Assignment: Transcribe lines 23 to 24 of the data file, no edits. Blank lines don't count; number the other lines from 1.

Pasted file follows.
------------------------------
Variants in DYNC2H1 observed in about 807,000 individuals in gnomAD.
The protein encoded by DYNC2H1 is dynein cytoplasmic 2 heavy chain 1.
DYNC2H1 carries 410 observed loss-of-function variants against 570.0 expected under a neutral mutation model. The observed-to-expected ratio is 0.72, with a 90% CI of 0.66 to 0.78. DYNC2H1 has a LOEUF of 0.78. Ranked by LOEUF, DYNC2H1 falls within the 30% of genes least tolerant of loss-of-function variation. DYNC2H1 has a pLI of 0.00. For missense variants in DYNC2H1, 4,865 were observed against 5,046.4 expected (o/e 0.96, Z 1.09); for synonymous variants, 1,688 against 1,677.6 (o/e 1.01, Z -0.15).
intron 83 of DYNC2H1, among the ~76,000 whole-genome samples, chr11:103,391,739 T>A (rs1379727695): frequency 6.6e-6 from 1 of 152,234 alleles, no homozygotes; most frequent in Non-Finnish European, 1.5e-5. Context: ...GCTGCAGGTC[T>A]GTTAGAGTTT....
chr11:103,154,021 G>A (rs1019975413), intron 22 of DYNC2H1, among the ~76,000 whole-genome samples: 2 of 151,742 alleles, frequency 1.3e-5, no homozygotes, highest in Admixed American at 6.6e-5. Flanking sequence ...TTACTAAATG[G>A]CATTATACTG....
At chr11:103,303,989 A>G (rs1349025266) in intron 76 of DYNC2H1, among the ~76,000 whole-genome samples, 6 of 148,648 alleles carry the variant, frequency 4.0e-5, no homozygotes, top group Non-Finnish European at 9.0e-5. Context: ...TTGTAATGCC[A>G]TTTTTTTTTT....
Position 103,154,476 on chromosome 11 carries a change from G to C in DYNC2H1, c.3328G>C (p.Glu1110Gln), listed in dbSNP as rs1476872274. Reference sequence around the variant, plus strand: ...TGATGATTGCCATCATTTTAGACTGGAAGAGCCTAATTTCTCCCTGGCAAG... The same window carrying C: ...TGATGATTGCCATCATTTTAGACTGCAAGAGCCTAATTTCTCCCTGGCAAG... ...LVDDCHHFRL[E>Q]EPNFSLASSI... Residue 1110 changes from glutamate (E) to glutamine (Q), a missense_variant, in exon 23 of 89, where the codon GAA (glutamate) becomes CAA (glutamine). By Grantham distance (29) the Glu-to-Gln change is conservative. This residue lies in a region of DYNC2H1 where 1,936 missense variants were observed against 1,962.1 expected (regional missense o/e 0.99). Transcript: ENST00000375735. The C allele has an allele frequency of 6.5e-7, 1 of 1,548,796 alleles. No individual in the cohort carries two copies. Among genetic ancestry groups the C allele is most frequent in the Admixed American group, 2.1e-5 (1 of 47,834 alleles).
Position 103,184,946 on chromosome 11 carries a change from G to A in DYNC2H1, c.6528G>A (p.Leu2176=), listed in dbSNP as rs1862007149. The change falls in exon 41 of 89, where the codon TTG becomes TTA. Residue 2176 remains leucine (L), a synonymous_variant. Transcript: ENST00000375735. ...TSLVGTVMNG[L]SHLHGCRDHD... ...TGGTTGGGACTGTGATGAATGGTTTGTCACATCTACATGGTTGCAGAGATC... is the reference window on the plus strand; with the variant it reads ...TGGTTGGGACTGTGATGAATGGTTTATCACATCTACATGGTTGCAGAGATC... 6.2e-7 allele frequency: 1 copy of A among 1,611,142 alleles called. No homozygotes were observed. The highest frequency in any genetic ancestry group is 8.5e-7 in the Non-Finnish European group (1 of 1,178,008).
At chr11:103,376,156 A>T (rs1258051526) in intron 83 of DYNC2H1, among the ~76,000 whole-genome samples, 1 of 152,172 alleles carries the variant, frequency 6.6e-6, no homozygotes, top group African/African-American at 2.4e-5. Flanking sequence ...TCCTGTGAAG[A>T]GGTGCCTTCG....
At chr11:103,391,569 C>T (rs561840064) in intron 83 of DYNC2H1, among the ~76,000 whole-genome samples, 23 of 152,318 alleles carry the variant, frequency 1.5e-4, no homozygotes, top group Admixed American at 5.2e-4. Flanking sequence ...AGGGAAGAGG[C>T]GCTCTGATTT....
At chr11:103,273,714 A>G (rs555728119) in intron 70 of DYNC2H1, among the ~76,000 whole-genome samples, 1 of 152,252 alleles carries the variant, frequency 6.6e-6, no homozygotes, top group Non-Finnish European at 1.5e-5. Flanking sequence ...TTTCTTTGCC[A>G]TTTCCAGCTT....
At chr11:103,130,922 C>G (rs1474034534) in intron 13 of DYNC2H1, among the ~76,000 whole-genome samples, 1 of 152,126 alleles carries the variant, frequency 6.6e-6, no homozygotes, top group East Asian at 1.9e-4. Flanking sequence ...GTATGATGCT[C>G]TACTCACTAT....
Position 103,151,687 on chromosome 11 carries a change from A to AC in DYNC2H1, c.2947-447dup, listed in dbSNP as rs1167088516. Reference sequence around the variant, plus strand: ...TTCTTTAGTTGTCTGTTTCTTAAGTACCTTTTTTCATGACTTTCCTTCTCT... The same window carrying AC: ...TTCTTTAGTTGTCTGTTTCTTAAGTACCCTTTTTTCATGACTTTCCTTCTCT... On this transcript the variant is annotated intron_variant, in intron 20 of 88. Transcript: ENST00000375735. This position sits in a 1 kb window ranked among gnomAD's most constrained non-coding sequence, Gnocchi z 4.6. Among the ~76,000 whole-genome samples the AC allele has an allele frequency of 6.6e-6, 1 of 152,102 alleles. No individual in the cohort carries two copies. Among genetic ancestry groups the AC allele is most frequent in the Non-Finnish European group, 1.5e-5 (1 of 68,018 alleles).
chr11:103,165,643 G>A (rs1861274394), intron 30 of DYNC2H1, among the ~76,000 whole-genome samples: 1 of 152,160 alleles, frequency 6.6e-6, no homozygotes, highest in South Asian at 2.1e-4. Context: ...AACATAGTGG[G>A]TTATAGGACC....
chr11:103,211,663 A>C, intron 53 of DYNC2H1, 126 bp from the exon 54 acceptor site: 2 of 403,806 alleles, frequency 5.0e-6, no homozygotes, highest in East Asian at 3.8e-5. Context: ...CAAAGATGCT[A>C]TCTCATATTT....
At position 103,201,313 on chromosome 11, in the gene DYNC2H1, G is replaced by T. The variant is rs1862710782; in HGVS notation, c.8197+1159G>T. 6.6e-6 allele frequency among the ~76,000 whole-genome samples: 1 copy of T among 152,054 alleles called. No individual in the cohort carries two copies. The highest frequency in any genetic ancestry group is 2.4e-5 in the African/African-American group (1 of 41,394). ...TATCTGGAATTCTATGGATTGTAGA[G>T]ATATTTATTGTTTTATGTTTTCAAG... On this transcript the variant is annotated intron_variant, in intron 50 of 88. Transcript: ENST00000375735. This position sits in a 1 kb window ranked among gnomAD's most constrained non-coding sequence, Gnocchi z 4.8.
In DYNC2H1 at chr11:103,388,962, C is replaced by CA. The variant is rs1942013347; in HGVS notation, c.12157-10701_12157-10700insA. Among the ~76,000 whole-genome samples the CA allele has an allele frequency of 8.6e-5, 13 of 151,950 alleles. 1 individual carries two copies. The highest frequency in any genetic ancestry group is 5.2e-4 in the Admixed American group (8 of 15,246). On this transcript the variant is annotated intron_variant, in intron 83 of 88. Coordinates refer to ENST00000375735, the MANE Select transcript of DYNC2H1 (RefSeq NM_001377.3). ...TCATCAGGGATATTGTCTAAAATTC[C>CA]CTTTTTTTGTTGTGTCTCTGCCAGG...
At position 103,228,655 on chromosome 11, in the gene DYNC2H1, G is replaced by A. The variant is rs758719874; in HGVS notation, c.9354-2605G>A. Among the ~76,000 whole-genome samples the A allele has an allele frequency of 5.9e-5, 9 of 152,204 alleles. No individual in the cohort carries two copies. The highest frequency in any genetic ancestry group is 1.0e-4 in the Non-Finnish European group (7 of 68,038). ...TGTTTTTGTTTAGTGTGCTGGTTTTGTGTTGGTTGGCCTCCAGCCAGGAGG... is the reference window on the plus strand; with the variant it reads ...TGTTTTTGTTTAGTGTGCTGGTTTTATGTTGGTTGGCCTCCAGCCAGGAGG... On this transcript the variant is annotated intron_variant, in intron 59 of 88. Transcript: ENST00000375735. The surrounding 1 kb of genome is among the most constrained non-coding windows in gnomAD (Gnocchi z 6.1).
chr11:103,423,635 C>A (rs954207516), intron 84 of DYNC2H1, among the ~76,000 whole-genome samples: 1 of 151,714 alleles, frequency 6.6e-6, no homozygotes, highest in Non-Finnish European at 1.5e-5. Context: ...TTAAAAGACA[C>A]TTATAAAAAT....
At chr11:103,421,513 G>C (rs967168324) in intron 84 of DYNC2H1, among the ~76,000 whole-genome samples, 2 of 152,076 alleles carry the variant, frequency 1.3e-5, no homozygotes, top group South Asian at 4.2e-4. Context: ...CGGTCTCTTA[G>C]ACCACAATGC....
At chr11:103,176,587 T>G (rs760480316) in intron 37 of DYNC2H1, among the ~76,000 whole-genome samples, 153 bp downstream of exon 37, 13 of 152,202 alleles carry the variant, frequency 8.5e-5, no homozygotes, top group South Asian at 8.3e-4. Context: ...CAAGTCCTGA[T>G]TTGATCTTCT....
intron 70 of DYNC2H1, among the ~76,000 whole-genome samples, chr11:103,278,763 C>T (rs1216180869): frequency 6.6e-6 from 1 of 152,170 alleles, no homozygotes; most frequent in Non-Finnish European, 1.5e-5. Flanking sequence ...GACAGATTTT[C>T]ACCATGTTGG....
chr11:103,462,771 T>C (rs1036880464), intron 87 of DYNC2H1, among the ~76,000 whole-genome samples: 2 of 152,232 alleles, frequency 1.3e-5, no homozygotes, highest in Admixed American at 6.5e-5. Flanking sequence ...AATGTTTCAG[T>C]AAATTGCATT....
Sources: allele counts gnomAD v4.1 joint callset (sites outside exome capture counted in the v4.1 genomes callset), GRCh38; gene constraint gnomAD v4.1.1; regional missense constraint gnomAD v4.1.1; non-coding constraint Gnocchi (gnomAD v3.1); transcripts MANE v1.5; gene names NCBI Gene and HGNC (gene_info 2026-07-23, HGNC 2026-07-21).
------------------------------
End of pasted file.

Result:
chr11:103,462,771 T>C (rs1036880464), intron 87 of DYNC2H1, among the ~76,000 whole-genome samples: 2 of 152,232 alleles, frequency 1.3e-5, no homozygotes, highest in Admixed American at 6.5e-5. Flanking sequence ...AATGTTTCAG[T>C]AAATTGCATT....
Sources: allele counts gnomAD v4.1 joint callset (sites outside exome capture counted in the v4.1 genomes callset), GRCh38; gene constraint gnomAD v4.1.1; regional missense constraint gnomAD v4.1.1; non-coding constraint Gnocchi (gnomAD v3.1); transcripts MANE v1.5; gene names NCBI Gene and HGNC (gene_info 2026-07-23, HGNC 2026-07-21).